Want to publish a book? First use data to figure out who’ll read it

There are better ways to give readers what they want.
There are better ways to give readers what they want.
Image: Reuters/Adnan Abidi
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August is usually slow in the publishing world. Not this summer: Amazon and Overstock are in a race for readers’ purchases; two of the largest publishers, Random House and Penguin, are merging; publishers reached pricing settlements with the Department of Justice and Amazon’s Jeff Bezos announced plans to purchase the Washington Post.

Yet in spite of headlines about industry transformation, more needs to be done to assure the strength of the book publishing industry. After decades in book publishing—as the publisher at Harlequin, the CEO of Troll, and general manager of Marshall Editions—I have heard consistent complaints about the industry from authors, fellow publishers, retailers and readers.

Big data provides a path forward.

There are almost 350,000 books published in the English language every year. And self-publishing is adding to the total. Early in my career, I was told that the average person reads 750 books in a lifetime, half of which were written by dead people, narrowing the field for contemporary writers.

So what can authors and publishers do to stand out from the crowd? Each can start by using data to find people who would be interested in his or her content. Any good retail marketer tries to locate consumers who might be attracted to the goods because of lifestyle or previous purchasing behavior. Authors need to do the same.

At Northwestern University, where I am a professor, every year we graduate marketers who know how to find, locate, and activate potential purchasers for everything from toothpaste to cars. But the book industry lags in this pinpointing.

Why so late to the game?

One reason for this lack of data matching is that consumer goods can create their own brand, but publishing houses are fragmented by the sub brands of authors’ names. Book lovers may feel special, as well, and above the fray of “consumerism.” Books are art, they argue, not commodities.

As an author, there is also a pain point to simplifying years of hard work to match a single trait or target. That could mean first finding the people who like to cook and then selling them the latest Diane Mott Davidson or locating people who have bought rail tickets and selling them Paul Theroux.

There is such a database in place. When you ask people about the Amazon algorithm that finds what others like or provides more options for you based on purchasing, you will hear the complaint that a computer doesn’t know what was a gift and what was for you.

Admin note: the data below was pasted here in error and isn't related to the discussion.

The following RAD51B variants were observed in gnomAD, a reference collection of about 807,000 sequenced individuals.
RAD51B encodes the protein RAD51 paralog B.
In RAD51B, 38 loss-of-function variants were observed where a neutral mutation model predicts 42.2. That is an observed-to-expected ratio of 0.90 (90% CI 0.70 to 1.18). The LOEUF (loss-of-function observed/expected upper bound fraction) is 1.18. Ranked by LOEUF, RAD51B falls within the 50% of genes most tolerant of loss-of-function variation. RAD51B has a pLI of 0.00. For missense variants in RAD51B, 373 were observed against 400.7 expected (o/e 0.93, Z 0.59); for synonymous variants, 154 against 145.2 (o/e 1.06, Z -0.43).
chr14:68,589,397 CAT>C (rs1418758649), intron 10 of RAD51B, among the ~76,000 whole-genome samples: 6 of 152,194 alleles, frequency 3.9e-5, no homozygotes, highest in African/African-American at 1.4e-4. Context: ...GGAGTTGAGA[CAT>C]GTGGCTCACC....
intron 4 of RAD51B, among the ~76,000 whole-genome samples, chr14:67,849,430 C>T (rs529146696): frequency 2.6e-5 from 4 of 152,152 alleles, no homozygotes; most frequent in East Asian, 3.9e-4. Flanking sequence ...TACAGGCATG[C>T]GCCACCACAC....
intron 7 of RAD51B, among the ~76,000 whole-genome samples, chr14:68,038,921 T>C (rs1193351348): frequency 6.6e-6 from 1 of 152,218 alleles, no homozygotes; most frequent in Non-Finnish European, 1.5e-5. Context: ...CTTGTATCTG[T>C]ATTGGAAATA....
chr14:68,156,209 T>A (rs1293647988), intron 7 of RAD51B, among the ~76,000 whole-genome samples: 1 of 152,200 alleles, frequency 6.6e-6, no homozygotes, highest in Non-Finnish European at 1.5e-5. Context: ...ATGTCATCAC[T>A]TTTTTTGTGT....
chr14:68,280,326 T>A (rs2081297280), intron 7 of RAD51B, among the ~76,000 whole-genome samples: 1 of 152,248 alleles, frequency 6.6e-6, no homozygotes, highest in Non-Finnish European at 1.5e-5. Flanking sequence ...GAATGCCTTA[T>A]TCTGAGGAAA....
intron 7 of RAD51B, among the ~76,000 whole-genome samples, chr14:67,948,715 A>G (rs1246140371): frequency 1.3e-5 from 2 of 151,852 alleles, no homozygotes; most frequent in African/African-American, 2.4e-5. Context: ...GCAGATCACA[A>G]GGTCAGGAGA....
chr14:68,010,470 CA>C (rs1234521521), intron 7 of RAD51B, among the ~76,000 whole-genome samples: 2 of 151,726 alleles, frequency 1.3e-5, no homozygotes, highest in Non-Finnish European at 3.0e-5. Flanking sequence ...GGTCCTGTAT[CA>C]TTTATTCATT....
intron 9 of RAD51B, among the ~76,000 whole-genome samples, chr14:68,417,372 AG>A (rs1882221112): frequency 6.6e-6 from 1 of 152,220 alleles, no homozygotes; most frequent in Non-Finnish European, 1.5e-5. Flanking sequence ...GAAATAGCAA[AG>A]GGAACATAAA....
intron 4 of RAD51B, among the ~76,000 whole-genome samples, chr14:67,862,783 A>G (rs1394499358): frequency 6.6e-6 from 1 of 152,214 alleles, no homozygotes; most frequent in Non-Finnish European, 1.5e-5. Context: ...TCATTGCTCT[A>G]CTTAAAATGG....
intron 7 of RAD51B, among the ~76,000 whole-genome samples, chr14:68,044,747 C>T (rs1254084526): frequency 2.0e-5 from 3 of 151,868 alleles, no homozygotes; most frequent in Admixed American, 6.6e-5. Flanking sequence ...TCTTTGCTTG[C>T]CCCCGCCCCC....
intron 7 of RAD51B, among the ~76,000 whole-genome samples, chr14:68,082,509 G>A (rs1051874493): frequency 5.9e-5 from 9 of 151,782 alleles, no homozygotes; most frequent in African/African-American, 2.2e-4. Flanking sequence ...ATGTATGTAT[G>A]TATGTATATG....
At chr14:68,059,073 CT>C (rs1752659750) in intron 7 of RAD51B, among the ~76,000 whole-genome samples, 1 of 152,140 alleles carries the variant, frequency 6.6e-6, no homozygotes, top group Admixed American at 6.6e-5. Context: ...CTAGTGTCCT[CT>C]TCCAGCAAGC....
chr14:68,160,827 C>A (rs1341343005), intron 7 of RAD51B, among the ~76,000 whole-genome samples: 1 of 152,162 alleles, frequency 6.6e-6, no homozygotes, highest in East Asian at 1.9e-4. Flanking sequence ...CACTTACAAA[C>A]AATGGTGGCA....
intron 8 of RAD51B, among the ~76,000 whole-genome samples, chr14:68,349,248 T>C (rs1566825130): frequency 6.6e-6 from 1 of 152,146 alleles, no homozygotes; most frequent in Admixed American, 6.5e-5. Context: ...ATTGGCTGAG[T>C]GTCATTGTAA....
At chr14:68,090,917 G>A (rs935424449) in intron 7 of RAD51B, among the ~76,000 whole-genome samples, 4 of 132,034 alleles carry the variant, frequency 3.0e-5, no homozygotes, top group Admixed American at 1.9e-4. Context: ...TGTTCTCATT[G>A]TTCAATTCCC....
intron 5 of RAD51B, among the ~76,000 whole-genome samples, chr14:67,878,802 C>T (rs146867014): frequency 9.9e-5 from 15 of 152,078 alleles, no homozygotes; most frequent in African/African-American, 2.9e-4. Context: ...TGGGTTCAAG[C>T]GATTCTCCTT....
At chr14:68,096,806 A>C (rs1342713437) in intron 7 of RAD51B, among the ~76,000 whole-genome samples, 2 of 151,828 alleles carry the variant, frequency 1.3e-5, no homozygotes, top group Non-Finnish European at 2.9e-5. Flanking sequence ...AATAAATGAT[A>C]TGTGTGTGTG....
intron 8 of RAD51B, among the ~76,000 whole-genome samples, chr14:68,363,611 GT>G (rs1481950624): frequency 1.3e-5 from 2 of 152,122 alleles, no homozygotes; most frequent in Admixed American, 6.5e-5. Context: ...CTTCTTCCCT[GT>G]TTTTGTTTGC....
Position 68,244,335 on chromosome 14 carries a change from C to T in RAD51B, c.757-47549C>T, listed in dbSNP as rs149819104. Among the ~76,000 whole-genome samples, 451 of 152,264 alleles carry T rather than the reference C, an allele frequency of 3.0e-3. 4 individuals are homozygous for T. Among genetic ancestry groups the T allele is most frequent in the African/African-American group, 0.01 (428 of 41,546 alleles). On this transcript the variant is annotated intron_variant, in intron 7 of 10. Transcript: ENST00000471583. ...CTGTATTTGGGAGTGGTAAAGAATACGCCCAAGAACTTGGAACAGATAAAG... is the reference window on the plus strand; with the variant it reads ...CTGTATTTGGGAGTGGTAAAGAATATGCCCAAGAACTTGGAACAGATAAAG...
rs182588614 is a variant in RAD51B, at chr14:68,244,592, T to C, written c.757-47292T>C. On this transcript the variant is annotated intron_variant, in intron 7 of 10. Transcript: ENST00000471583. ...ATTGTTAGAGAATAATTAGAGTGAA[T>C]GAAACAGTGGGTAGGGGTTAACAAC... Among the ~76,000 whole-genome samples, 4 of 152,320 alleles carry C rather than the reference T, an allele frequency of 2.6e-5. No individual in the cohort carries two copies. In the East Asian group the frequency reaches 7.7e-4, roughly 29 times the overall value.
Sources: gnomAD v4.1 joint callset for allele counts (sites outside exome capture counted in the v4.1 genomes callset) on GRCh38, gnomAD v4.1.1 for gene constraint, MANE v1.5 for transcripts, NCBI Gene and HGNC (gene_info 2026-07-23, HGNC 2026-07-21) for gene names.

But you will also hear how much people like the data being used to help provide selections. Rarely does that happen in a store or even other e-environments. You could be receiving emails from Barnes & Noble based on loyalty card purchases or you could receive a notice from the airline that a great book based on your destination would be a lovely read en route.

Books are inexpensive. Some greeting cards cost more than a mass-market paperback. There is little margin in a book sale for additional opportunities to expand the audience. Books are sold on a return basis. No one in the trade wants that to change. An author’s book would be available in even fewer places without returns. But because of the costs of overprinting, book reps and wholesalers eat into the funds needed for marketing.

Certainly you could argue that electronics (e-books and digital publishing) take many of those costs out of the equation. Yet an electronic book still needs marketing, and prices of e-books don’t have much margin.

The famous authors will always get more sales. Look at the difference in sales recently for J.K. Rowling’s The Cuckoo’s Calling once readers discovered her identity. Readers are afraid of risks and will buy the next book by a familiar author rather than take a chance on an unknown.

But the worst of the complaints about the death of publishing come from those who are not considering new approaches and new markets—young readers. To make book publishing viable, we must allow younger people to read what they like. You may shake your head asking who will read Herman Melville instead of John Grisham? The problem is that many students who start out as readers get turned off to reading.

Consider that if an 8-year-old boy loves sports and is replacing reading time with team practice, he may never come back to reading habitually. So help him find authors such as Matt Christopher, John Feinstein or simply Sports Illustrated, and keep him in the habit of reading.

There will always be readers regardless of what platform they use. Publishers need to use data to help people find narratives that match their interests. Every household signals its interests through magazine subscriptions, cable, as well as online and offline purchases—yet no one uses this information to market books.

The time has come: Big data includes books as well. Publishing needs to adapt and use data to keep the industry moving ahead.